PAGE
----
Waltons World Masters - Jan Garbarek & The Hilliard Ensemble

Jan Garbarek & The Hilliard Ensemble (2011)


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'It was a spine-tingling coup-de-théâtre that set the tone for a mesmeric hour and a half. Each piece, each experiment with moving voices around in the space of the building, built on the previous one, until the concert ended with the sheer perfection of the 17th-century Scottish lament "Remember Me My Dear" gradually receding into silence.'
– The Times

'It's hard to think of music more suited to the new age of austerity: a soundtrack to snow, heartbreak, devotion and sacrifice. The remarkable combination of human voice and astringent, often skirling saxophone remains as haunting as when the group's debut album unexpectedly sold 1.5 million copies 16 years ago.'
– The Daily Telegraph

Performance

When Saturday, 22 October 2011, 8 pm
Where St. Patrick's Cathedral, Dublin
Presented by Mintaka Music in association with Waltons World Masters

Jan Garbarek & The Hilliard Ensemble
Jan Garbarek • Saxophones
David James • Countertenor
Rogers Covey-Crump • Tenor
Steven Harrold • Tenor
Gordon Jones • Baritone

See the concert poster.
See YouTube videos.

Jan Garbarek and the Hilliard Ensemble

The inspired bringing together of Jan Garbarek and the Hilliard Ensemble has resulted in consistently inventive music-making since 1993. Their unprecedented Officium album, with Garbarek’s saxophone as a free-ranging ‘fifth voice’ with the Ensemble, gave the first indications of the musical scope and emotional power of this combination. Mnemosyne (1998) took the story further, expanding the repertoire beyond ‘early music’ to embrace works both ancient and modern.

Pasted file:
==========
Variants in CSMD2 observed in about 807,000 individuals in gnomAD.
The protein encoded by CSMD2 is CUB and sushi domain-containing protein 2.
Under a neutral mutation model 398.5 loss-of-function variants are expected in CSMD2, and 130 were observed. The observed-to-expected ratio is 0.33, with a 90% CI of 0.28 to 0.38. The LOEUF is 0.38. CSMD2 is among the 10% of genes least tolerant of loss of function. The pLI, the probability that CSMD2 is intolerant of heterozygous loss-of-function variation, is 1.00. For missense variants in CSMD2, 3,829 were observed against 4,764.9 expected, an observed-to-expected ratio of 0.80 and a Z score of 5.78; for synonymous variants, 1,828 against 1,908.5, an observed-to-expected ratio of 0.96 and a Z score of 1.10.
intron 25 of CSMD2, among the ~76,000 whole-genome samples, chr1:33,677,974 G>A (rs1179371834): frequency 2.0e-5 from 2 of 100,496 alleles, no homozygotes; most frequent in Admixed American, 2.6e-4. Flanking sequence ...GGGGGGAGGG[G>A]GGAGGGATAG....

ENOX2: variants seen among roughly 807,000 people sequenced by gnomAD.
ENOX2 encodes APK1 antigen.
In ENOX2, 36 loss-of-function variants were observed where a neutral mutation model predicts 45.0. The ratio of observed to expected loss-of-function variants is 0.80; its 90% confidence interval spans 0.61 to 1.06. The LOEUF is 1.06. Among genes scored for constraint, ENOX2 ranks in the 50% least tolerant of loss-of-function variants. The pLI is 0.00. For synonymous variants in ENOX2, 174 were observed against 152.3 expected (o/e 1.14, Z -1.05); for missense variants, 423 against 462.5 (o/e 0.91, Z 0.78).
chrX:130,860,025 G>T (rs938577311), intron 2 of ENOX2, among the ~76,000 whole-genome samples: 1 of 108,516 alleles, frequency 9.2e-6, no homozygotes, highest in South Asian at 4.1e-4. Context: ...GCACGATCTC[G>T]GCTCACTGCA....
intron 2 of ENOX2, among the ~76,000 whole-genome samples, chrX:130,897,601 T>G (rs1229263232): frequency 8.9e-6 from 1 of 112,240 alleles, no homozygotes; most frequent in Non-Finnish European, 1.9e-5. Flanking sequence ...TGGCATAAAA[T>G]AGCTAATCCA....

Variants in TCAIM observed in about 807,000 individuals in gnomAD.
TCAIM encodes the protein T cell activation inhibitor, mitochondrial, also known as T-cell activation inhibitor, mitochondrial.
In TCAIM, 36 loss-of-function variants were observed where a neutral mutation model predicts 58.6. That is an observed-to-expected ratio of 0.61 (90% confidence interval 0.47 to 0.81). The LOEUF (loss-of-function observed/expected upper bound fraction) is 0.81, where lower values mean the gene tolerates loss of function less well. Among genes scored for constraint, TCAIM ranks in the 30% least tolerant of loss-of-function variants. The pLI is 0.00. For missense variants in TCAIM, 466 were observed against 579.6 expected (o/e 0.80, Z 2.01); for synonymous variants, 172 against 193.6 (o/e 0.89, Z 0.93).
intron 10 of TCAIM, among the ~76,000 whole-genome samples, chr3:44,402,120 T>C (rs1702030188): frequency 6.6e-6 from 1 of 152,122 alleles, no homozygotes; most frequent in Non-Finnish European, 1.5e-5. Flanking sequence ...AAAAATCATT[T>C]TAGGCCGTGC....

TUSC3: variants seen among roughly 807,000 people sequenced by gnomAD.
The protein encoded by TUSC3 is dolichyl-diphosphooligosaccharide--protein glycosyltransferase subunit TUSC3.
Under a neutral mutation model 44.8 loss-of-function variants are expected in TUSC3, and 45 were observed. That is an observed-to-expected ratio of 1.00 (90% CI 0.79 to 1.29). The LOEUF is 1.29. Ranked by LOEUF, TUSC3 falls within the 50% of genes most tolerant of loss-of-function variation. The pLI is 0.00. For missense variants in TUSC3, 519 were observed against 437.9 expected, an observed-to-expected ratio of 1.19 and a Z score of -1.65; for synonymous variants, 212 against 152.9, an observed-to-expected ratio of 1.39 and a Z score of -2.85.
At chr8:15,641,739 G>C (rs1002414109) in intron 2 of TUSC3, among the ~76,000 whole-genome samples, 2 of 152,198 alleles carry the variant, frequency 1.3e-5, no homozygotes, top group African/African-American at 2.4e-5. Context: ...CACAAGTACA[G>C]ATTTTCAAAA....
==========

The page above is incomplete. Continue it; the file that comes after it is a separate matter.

Now, after another decade of shared experiences, comes Officium Novum, the third album from Garbarek/Hilliard, recorded, like its distinguished predecessors, in the St. Gerold monastery. A central focus this time is the music of Armenia, based on the adaptations of Komitas Vardapet, pieces which draw upon both medieval sacred music and the bardic tradition of the Caucasus. The Hilliards have studied these pieces in the course of their visits to Armenia, and the modes of the music encourage some of Garbarek’s most impassioned playing. Alongside the Armenian pieces in the Officium Novum repertoire: Arvo Pärt’s Most Holy Mother of God in an a cappella reading, Byzantine chant, two pieces by Jan Garbarek, including a new version of We Are the Stars, as well as the Spanish Tres morillas and a new account of Perotin’s Alleluia, Nativitas. The freedom of interpretation is testimony to the way the project as a whole has grown since its introduction on ECM New Series, with the Hilliard Ensemble now very much involved in the music’s improvisational processes and implications.

Over the last eighteen years, Garbarek and The Hilliard Ensemble have given hundreds of concerts in many of the most beautiful cathedrals and churches of the world, and each one is unique. In the concert performances of Officium Novum the musicians draw their material largely from the disc but the programme content and order is never quite decided upon until the performers reach the venue and let the building – the sixth voice – speak to them.

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